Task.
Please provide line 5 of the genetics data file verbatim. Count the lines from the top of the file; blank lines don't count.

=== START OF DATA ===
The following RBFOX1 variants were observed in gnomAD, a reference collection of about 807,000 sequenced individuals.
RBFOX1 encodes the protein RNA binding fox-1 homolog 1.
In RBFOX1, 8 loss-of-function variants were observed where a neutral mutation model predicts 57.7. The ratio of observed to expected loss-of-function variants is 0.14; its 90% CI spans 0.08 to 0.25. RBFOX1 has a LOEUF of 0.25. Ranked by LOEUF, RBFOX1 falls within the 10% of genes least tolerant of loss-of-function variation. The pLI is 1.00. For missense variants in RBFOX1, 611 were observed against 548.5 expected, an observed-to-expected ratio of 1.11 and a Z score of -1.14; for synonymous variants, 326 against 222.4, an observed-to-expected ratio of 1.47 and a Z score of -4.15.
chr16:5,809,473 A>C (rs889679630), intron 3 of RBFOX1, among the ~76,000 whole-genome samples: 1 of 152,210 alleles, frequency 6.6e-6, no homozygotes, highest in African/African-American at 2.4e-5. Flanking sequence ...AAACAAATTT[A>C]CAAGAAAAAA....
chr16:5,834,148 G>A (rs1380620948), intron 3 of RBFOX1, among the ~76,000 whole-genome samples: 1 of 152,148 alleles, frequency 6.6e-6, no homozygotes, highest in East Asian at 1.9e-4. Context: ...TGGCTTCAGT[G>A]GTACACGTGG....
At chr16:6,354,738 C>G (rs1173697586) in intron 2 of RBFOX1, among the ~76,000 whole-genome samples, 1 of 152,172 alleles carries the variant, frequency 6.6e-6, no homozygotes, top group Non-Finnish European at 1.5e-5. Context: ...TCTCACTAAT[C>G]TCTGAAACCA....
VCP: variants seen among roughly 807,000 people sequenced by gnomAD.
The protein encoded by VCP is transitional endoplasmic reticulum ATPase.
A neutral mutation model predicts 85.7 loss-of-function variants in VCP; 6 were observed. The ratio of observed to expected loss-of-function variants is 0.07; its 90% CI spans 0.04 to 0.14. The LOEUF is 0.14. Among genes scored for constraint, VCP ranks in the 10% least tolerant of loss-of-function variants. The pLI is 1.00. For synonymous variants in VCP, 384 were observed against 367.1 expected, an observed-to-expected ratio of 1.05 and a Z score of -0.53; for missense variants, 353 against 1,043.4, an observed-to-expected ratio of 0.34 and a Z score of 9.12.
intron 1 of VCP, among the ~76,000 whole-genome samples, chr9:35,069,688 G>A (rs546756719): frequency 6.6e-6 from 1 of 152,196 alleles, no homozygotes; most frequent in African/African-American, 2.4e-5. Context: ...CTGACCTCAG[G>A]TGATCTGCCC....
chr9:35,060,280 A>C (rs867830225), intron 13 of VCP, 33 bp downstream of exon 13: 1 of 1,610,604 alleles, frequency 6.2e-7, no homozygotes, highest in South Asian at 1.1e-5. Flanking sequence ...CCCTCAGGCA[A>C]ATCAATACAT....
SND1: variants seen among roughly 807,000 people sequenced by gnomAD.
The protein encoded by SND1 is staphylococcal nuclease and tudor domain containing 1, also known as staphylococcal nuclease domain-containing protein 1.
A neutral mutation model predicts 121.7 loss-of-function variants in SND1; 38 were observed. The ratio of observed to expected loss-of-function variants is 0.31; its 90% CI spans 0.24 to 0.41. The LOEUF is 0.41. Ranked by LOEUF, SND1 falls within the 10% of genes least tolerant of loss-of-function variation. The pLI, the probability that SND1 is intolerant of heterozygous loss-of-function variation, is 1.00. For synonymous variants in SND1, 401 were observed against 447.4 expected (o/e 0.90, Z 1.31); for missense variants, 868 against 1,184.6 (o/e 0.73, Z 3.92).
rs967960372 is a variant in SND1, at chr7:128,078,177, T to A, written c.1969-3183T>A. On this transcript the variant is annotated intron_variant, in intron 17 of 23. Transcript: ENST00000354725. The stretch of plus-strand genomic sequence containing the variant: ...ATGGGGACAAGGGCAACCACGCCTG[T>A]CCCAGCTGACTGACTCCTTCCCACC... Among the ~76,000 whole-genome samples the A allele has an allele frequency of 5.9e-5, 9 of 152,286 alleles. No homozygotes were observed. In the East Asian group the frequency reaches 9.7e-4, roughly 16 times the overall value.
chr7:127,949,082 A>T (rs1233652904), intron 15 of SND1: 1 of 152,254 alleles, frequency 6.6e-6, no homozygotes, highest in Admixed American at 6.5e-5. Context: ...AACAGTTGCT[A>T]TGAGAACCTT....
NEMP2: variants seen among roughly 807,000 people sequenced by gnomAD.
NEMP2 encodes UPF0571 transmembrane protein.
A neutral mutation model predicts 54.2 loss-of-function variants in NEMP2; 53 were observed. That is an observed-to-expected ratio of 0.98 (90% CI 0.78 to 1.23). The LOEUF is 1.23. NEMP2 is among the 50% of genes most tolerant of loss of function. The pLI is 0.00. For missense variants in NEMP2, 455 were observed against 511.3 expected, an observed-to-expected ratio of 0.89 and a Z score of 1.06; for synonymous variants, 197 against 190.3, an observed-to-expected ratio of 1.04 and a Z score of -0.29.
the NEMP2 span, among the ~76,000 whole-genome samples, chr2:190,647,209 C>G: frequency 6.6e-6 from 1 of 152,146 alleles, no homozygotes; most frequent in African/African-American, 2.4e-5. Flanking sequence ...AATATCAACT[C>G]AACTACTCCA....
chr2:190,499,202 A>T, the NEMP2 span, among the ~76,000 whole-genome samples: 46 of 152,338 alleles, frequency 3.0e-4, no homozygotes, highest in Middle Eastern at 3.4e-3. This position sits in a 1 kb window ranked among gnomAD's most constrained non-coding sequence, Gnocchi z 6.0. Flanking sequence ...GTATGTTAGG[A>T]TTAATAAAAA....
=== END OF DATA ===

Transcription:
chr16:5,834,148 G>A (rs1380620948), intron 3 of RBFOX1, among the ~76,000 whole-genome samples: 1 of 152,148 alleles, frequency 6.6e-6, no homozygotes, highest in East Asian at 1.9e-4. Context: ...TGGCTTCAGT[G>A]GTACACGTGG....